“Pulpwood”- A.N.D Company Film From 1957

I posed this on Facebook a while back, but I finally got around to making a Youtube channel and posted it on there.

Once again, special thanks to Carolyn Atkinson from CBC, who tracked this down for me.

Enjoy!

3 comments

  1. Loved it. I worked in the data processing dept from 1966 to 1971. If there was a boat in Botwood we had to work to make sure that every roll that went aboard was accounted for.

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  2. Thank you for posting video this Bryan. By 1956 the loggers were dissolutioned with the Newfoundland Lumbermens (aka Loggers) Association who were unable to negoitate wages and camp conditions to their satifaction. This video would be labeled “fake news” today. It was a public relations attempt to preclude the complaints of the loggers before the public became aware of the real camp conditions and lack of nutritious food. Most A N D company loggers were very disatisfied with wages and camp condition by 1957 and the unrest was building. The annual averge of $357MM in ecconomic value paid out over a 50 year period claimed in this video ($7.1 mm average per year) was less than the equalization payments from Ottawa that began in that same year – 1957. Despite controlling almost 80% of the provincal forests, the pulp and paper industry failed to ever fulfil its promise of bringing a “national prosperity”.

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    • This is pure Company P.R, no doubt about it, actually an early effort to counter the efforts of the IWA. There are so many facets to examine when talking about the prelude to the IWA Strike.

      By 1956 not only were loggers becoming at bit disillusioned with the NLA, but Joe Thompson was also looking to retire. And he wanted to be taken care of in his retirement. The NLA was also having to affiate with a National Union. Plus, I believe the Woods Labour Board, had or was dissolving.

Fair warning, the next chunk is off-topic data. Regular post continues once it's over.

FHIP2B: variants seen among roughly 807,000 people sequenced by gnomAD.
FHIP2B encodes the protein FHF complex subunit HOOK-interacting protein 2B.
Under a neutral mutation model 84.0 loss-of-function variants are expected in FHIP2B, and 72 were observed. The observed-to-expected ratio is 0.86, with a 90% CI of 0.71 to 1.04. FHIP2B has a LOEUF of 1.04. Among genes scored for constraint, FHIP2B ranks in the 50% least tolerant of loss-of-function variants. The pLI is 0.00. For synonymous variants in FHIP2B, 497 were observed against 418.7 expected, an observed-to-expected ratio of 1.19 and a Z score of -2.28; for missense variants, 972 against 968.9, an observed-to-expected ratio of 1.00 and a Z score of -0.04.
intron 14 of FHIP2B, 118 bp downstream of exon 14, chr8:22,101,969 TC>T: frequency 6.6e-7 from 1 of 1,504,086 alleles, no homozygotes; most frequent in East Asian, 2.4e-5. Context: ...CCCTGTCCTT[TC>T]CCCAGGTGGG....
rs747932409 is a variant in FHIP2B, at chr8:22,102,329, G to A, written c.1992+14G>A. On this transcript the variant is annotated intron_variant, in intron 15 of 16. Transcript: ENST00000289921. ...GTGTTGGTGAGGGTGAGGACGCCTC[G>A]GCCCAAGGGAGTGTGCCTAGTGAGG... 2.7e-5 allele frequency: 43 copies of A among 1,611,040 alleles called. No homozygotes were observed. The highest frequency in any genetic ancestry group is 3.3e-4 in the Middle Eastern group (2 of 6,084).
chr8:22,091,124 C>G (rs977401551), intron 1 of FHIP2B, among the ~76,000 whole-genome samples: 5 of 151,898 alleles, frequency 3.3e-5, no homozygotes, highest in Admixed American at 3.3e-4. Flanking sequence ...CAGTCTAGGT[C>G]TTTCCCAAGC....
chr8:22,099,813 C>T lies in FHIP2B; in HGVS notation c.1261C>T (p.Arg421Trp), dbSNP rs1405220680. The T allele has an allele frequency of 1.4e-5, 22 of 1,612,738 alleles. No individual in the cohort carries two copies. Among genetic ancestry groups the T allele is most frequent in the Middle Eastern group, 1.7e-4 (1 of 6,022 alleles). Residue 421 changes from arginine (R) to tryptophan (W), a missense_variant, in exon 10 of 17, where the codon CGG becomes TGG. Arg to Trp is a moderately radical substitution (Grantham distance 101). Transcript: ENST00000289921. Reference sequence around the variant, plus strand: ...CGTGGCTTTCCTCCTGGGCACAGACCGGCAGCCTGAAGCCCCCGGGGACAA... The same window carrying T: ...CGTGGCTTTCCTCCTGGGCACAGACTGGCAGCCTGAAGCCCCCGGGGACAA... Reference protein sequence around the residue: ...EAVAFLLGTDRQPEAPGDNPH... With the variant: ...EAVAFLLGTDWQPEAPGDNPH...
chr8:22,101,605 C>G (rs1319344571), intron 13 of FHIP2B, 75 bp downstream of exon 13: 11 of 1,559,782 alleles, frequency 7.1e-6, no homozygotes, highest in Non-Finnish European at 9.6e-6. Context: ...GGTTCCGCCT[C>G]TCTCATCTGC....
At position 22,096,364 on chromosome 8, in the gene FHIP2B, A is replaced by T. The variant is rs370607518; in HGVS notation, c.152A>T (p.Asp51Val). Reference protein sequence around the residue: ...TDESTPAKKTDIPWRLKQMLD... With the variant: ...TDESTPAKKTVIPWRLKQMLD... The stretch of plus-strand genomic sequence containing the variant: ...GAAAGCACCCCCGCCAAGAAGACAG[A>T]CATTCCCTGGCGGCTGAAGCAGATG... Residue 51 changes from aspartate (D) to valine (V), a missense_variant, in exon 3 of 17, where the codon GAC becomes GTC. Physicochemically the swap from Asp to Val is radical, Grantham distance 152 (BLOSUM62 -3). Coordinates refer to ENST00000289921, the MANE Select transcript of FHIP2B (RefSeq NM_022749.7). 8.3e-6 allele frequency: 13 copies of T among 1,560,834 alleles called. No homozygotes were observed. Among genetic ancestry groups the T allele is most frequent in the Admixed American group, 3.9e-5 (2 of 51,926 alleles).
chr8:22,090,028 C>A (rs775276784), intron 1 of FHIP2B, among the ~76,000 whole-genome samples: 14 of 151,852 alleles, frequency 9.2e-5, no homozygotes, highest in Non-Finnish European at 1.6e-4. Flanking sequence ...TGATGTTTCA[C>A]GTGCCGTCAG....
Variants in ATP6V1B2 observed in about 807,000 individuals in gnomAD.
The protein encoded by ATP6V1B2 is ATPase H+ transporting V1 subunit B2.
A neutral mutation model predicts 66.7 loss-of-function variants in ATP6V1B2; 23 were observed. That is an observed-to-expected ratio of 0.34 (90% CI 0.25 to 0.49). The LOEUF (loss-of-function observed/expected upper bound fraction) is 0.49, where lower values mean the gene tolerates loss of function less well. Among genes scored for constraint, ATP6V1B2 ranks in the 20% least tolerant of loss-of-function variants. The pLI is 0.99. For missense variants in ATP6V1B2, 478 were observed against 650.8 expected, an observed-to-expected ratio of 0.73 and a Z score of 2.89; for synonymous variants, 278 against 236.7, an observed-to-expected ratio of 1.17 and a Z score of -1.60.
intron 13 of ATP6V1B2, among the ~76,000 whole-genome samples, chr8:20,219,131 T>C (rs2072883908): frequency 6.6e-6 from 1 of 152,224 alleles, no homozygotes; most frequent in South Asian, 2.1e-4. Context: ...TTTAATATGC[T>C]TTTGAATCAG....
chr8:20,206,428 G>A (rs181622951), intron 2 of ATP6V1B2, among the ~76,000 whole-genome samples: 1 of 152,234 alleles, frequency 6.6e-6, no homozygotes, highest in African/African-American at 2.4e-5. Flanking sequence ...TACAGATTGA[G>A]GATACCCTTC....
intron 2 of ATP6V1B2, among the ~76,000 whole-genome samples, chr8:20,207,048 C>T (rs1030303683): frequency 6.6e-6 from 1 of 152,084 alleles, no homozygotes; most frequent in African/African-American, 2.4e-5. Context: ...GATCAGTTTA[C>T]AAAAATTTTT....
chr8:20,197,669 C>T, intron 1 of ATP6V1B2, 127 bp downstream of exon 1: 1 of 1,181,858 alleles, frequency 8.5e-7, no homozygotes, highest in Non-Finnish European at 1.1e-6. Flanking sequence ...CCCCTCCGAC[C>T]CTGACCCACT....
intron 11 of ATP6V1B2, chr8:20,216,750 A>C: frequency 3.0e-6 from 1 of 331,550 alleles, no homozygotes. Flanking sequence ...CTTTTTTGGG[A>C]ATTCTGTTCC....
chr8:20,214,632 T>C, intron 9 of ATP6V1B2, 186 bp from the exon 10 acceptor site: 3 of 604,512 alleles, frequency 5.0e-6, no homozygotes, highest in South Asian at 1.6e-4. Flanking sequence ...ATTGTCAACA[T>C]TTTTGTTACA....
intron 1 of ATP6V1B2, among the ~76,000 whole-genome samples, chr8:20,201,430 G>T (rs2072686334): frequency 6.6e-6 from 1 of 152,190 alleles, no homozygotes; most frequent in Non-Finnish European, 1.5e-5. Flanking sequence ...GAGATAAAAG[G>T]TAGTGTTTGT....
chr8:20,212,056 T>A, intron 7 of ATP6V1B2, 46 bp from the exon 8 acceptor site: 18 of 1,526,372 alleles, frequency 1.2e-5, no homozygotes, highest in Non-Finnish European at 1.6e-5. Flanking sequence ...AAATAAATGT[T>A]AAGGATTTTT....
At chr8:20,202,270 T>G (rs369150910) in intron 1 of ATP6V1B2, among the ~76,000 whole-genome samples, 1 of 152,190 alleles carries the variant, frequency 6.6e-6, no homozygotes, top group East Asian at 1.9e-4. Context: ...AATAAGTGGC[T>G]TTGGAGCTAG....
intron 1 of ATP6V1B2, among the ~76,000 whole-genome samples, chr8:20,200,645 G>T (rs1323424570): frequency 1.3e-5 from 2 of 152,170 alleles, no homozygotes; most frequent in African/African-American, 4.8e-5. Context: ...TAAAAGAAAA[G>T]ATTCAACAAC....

AND Company camps would have run the gamut at that point, but by and large they were better than most of the camps operated by contractors working for Bowaters. This was evident in the Royal Commission that was done in the wake of the Strike.

      The picture in the Bowaters woods was much more complicated, with loggers working mostly for private contractors and represented by 2 or 3 different unions-this is part of the reasoning behind the formation of the Woods Labour Board in 1940. So it was much easier to take collective action where loggers were represented by one union and worked mostly in Company camps.

      Company camps were by no means perfect, but by the late 1950’s there was nobody sleeping on boughs in a camp with dirt floors. Food was a huge issue in the strike, it was still monotonous and rough, but it was much the same in many outport and logging communities. Food had been really bad back during the War and the 1930’s. Though loggers were generally earning more during the war, the shortages meant that sometimes the diet left much to be desired.

      The pulp and paper companies contributed quite a lot to the economy, especially in the first six decades of the 20th Century. There is no doubt they were given sweetheart deals, but realistically what was the alternative?-nothing. As much as we all love this province, there is a proven track record, that it can be often difficult for any industry to make a go of it, and as early as 1930 the Grand Falls Mill was in fact, in danger of closing in favor of other Harmsworth controlled interests in Canada.

      After the 60’s less and less people were employed in the mills and in the woods. Then the paper companies seemed to have been continuously looking for handouts to keep their operations viable.

      When the Grand Falls mill closed in 2009 it was no longer even the biggest employer in Grand Falls-Windsor. Had the mill been forced to close in 1960 (a company ploy really, I believe newsprint markets were booming at that time), the closure would have devastated the area.

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